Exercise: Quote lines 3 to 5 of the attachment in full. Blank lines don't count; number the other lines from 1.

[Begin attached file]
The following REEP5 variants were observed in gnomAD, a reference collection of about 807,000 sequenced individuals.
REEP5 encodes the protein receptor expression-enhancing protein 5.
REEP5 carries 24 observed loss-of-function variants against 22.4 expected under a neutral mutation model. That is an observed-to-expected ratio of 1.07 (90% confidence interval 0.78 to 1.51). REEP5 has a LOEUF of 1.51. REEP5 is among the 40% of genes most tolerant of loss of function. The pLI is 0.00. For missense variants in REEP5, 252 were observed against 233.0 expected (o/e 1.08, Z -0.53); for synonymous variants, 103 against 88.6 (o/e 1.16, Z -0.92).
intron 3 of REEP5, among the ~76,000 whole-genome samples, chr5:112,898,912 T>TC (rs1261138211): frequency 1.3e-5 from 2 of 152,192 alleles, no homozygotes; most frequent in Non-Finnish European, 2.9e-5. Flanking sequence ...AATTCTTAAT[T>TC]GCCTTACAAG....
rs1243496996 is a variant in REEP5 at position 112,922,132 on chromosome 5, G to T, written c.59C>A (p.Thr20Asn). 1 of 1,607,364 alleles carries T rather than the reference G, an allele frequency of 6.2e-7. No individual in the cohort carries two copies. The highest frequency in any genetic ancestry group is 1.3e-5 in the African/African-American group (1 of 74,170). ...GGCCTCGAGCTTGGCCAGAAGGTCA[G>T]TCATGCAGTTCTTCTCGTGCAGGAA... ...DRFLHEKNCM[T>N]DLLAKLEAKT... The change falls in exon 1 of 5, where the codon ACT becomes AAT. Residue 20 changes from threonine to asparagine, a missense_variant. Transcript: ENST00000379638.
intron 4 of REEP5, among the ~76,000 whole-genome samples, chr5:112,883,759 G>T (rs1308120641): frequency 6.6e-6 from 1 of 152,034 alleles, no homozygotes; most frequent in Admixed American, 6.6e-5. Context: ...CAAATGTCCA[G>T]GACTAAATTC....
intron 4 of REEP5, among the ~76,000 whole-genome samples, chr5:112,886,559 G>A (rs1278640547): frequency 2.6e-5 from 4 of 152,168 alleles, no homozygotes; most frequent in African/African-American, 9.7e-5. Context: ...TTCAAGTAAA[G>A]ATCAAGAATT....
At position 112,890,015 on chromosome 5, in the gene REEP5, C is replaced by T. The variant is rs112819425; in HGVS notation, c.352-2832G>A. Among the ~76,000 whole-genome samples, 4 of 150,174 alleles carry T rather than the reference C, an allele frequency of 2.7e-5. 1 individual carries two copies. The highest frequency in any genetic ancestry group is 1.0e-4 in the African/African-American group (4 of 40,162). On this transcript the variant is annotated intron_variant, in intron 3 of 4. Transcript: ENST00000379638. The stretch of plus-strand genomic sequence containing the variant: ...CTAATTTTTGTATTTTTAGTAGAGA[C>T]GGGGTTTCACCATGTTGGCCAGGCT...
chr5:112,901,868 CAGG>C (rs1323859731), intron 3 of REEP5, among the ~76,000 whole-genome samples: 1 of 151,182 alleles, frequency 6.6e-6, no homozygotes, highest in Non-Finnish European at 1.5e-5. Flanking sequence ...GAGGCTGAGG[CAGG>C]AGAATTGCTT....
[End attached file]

REEP5 carries 24 observed loss-of-function variants against 22.4 expected under a neutral mutation model. That is an observed-to-expected ratio of 1.07 (90% confidence interval 0.78 to 1.51). REEP5 has a LOEUF of 1.51. REEP5 is among the 40% of genes most tolerant of loss of function. The pLI is 0.00. For missense variants in REEP5, 252 were observed against 233.0 expected (o/e 1.08, Z -0.53); for synonymous variants, 103 against 88.6 (o/e 1.16, Z -0.92).
intron 3 of REEP5, among the ~76,000 whole-genome samples, chr5:112,898,912 T>TC (rs1261138211): frequency 1.3e-5 from 2 of 152,192 alleles, no homozygotes; most frequent in Non-Finnish European, 2.9e-5. Flanking sequence ...AATTCTTAAT[T>TC]GCCTTACAAG....
rs1243496996 is a variant in REEP5 at position 112,922,132 on chromosome 5, G to T, written c.59C>A (p.Thr20Asn). 1 of 1,607,364 alleles carries T rather than the reference G, an allele frequency of 6.2e-7. No individual in the cohort carries two copies. The highest frequency in any genetic ancestry group is 1.3e-5 in the African/African-American group (1 of 74,170). ...GGCCTCGAGCTTGGCCAGAAGGTCA[G>T]TCATGCAGTTCTTCTCGTGCAGGAA... ...DRFLHEKNCM[T>N]DLLAKLEAKT... The change falls in exon 1 of 5, where the codon ACT becomes AAT. Residue 20 changes from threonine to asparagine, a missense_variant. Transcript: ENST00000379638.